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Molding Heroes

April Lee is a Graphic Artist at New World Computing. She worked on Heroes II, Heroes III and Armageddon's Blade, creating well-known graphics such as the H2 Mummy, the Manticore and the Gnoll. She tells us about the world of graphics and her work on Heroes IV.

Note: All pictures in this article are property of April Lee or 3DO. Reprinted with permission.

To learn more about April Lee and her work, please visit her Web site at www.aprillee.com

Angelspit: You have worked with various media before, such as CD-ROM games, Collectible Card Games, RPG Books, Magazines, and so on. What is your favorite one? Which one do you think is the most rewarding?

April Lee: Most of my work has been either in computer games or card games. I've got to say that my favorite is the card games. I like working in traditional mediums, and sometimes we are given a lot of artistic license to create people, creatures, places and objects that can really affect the look of the game.

In computer games, I tend to be assigned all kinds of different things and since it IS so collaborative, I try to match my style to the game, rather than try to affect the look of the game. This isn't quite as satisfying as the card games, especially since the artists aren't really credited that well. With the card games, my name is usually on every piece of work I do. With computer game art, the art may have been begun by another artist and finished or touched up by yet another, so it's hard to point to anything that's really mine.

That said, I do enjoy modeling and animating on the computer. It's very different than painting, and it's fun to contribute to a team effort.

Angelspit: What is a typical day of work for you? Since you are a freelancer, I guess you must work from home? Do you have a particular schedule?

April: Actually, I work full-time at New World Computing/3DO. And if you know anything about computer game companies, this means that 50 or 60 hour work weeks are not uncommon. Almost every single other hour, and most of my sleeping time, is consumed by my free-lance illustration work. Actually, I'm getting a bit tired of doing both--it does wear a normal person out. I've been doing it for 7 years straight, which is pretty hard-core.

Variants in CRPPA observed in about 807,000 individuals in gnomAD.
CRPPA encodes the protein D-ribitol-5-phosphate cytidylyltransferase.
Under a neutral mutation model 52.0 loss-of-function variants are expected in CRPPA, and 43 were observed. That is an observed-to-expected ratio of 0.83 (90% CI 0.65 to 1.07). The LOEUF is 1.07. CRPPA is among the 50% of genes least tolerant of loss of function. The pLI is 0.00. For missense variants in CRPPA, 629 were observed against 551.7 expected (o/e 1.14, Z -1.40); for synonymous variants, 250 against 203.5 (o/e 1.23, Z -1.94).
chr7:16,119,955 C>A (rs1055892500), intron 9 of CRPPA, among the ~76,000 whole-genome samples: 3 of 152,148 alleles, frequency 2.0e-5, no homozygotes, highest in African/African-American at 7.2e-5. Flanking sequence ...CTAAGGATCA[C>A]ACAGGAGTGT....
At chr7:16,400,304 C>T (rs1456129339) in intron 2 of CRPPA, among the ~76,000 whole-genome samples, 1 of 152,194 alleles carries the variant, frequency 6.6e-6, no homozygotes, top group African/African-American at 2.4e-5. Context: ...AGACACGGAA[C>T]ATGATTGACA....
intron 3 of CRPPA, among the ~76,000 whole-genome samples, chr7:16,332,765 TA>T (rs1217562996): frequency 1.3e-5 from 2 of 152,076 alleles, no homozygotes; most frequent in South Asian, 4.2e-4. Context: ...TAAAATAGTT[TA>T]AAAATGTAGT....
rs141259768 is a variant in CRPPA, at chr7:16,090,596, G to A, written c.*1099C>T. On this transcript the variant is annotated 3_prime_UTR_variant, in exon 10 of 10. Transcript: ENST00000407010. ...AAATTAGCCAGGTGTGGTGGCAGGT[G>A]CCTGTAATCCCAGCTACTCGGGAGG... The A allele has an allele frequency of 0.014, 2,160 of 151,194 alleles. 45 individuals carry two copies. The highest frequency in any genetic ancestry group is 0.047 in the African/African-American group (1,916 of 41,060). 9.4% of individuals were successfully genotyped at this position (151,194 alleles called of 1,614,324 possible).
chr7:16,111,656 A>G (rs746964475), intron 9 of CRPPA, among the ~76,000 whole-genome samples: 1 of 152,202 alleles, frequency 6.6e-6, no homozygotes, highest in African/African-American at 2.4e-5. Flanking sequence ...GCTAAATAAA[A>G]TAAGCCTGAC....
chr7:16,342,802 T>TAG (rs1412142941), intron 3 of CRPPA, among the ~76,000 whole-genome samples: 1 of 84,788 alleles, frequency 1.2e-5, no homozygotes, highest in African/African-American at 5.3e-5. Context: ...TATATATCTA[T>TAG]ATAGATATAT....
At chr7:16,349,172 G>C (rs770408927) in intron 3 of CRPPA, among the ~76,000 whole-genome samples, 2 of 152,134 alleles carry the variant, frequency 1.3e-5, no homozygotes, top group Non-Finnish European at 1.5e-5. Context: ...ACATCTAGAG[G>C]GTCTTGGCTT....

Schedule is usually: into the office by 10am, out by 9 or 10, then eat and work until 2 or 3 am, weekdays. Weekends--catch up on sleep, work in afternoon and nights until 3 or 4 am.

I also go to conventions and sell artwork and prints--which can also be incredibly time-consuming.

Angelspit: How did you come to work with New World Computing? You said you knew someone there? Is it easy to get in touch with gaming companies?

April: I was hired at New World 5 years ago, for character animation on Heroes 2. Before that I was working for a small game developer called The Dreamers Guild (not to be confused with the big-time DreamWorks!). Several co-workers had left there to work for New World, who offered better pay, and they passed my name on to the art director. I had the exact skills they were looking for, so it was a natural transition.

The first game I ever worked on (at the Dreamers Guild) was "Inherit the Earth", which was published by New World. And I had also done free-lance, black and white illustrations (non-digital) for New World's manuals from 1989-95. So I actually had a rather long association with the company. It was also local to me, which didn't hurt.

Now, breaking into computer games with no experience is a bit harder. It wasn't too hard when I started in the early '90s, since the technology was still evolving and there were very few--almost NO-- places that actually taught the computer graphic skills. I was trained as an Illustrator in traditional media (at Art Center College of Design in Pasadena), and that alone helped get me in. But I also had been a fantasy artist, showing my art at Science Fiction conventions for years, so people at the Dreamers Guild knew me and I originally started doing concept sketches for them.